Identify one thing you like

In the book I dedicate a whole chapter to this, too! We spend so much time finding and thinking about things we don’t like that we often forget to identify something we like. Take a look at yourself and try to be impartial and non-critical just for one second. Is there anything you like? Perhaps it’s your nails, or your eyes, or your big toe. If you’re struggling, how about noticing something you don’t hate? That’s a step in the right direction. You might learn to like it more once you notice it.

Focus on what really matters

We’re taught that our outside appearance is the ‘be all and end all’ – but actually, it’s a very very small part of who we are. Although undoubtedly the way we appear to others is important, we don’t need to lay so much store by it – and even less so when it effects the way we live our lives. I always find it sad that people will miss a fantastic event because they are so busy trying to snap the perfect selfie – or sacrifice time they could spend with family and friends or doing something they love agonising over outfits and make-up and hair. I’ve been there, and I’ve done it, and I know how miserable it is to be obsessed with ‘perfect beauty’. It doesn’t exist – and what’s more, the ‘holy grail’ of satisfaction you’re striving to achieve will never match up to the euphoria of doing something you love, or that warm fuzzy feeling inside when you sit and enjoy gossip with friends or take off on holiday and bask in the warm sun. You matter – as a human being – and that includes all of you, not just what’s on the outside.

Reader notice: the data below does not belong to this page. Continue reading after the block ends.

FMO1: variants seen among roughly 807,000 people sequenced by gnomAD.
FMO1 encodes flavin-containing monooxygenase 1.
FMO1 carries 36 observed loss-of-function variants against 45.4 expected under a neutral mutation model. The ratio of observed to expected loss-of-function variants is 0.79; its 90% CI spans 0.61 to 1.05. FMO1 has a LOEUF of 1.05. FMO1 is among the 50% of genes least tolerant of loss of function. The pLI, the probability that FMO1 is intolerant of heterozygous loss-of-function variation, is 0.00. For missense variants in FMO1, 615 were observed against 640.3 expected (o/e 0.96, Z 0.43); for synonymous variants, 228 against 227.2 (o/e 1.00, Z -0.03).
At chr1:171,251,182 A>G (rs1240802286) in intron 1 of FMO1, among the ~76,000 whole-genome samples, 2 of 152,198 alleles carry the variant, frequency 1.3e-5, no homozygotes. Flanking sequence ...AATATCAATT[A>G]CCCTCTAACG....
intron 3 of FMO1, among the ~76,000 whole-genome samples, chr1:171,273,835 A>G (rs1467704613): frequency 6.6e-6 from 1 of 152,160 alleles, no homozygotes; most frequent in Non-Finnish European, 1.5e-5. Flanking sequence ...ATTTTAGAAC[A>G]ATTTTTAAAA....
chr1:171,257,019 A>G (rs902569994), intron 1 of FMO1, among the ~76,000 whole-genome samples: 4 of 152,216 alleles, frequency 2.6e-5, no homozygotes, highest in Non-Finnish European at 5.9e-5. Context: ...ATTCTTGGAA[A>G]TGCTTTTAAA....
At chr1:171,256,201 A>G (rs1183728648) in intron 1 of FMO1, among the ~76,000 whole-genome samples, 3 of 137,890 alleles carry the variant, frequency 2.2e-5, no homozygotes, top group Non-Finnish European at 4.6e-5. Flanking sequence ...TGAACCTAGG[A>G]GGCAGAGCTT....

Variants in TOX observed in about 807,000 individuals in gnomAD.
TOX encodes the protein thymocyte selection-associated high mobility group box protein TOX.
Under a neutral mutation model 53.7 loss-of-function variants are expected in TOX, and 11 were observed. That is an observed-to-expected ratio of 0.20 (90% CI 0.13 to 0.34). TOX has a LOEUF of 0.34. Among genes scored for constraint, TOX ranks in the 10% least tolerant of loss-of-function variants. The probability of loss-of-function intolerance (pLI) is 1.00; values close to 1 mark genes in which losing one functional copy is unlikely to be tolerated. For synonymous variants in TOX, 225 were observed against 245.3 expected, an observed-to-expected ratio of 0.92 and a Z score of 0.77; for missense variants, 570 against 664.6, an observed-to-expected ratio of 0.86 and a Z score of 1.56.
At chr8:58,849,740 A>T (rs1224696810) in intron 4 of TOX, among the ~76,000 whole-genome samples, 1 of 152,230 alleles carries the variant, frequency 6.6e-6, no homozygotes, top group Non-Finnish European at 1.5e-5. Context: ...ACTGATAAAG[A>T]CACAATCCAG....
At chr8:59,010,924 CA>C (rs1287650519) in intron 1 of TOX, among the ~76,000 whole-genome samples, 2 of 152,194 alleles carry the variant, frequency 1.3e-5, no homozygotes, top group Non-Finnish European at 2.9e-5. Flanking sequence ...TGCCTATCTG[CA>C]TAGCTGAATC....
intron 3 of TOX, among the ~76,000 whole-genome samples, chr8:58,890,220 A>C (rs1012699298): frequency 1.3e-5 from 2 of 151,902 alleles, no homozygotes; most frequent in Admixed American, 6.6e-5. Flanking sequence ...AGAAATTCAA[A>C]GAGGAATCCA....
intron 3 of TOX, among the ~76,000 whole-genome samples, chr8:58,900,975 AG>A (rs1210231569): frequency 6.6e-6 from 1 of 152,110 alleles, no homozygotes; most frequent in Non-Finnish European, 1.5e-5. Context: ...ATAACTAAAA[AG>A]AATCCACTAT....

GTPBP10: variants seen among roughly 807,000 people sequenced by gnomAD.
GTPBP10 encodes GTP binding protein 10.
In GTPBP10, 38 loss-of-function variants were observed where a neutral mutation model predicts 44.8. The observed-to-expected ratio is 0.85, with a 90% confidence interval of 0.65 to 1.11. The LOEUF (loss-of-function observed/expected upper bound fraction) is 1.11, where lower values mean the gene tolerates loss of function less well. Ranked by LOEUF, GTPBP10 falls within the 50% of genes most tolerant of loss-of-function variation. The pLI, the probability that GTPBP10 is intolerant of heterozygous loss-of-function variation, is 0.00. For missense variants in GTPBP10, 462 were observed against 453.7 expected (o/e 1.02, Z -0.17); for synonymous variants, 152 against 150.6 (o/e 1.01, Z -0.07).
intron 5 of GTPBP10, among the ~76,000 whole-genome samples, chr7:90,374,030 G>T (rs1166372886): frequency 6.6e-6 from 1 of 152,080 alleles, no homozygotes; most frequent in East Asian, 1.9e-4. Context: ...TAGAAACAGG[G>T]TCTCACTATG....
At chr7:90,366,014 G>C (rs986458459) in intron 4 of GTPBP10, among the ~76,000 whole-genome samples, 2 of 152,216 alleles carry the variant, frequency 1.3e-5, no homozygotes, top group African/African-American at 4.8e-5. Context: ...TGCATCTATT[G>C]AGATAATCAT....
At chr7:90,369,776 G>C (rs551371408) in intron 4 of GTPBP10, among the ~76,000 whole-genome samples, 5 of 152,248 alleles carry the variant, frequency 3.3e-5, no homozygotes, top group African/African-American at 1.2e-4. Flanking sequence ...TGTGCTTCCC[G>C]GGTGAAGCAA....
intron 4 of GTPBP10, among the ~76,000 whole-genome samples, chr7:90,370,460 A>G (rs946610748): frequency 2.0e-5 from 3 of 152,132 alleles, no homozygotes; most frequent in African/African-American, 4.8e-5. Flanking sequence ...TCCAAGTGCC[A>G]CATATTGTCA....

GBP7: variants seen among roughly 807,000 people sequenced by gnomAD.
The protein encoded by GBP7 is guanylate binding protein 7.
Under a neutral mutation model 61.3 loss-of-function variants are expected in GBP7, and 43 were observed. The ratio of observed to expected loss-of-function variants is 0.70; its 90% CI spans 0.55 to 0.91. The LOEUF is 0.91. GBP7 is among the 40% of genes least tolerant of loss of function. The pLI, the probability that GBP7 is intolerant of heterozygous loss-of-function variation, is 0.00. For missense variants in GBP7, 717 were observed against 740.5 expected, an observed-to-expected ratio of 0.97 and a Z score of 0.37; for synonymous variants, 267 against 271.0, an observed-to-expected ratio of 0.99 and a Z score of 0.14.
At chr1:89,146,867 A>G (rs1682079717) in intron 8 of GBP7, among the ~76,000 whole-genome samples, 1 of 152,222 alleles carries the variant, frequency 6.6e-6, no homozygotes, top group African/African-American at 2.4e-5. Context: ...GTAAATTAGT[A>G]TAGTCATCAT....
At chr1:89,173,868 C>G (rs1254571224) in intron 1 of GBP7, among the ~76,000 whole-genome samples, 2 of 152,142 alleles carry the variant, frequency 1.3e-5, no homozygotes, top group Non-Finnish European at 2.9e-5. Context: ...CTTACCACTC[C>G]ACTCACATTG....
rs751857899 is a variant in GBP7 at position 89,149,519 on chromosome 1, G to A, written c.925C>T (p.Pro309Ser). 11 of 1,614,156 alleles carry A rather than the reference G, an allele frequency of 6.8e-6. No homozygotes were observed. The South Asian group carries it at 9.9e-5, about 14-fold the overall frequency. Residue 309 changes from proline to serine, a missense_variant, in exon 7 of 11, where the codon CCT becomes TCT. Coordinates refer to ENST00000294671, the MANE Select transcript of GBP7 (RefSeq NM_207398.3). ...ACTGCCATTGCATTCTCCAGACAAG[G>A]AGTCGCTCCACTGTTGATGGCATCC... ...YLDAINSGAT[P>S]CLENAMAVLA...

If you need more encouragement, support and tips on how to see yourself in a better light, take a look at Tough Love here.

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Interview with That’s Manchester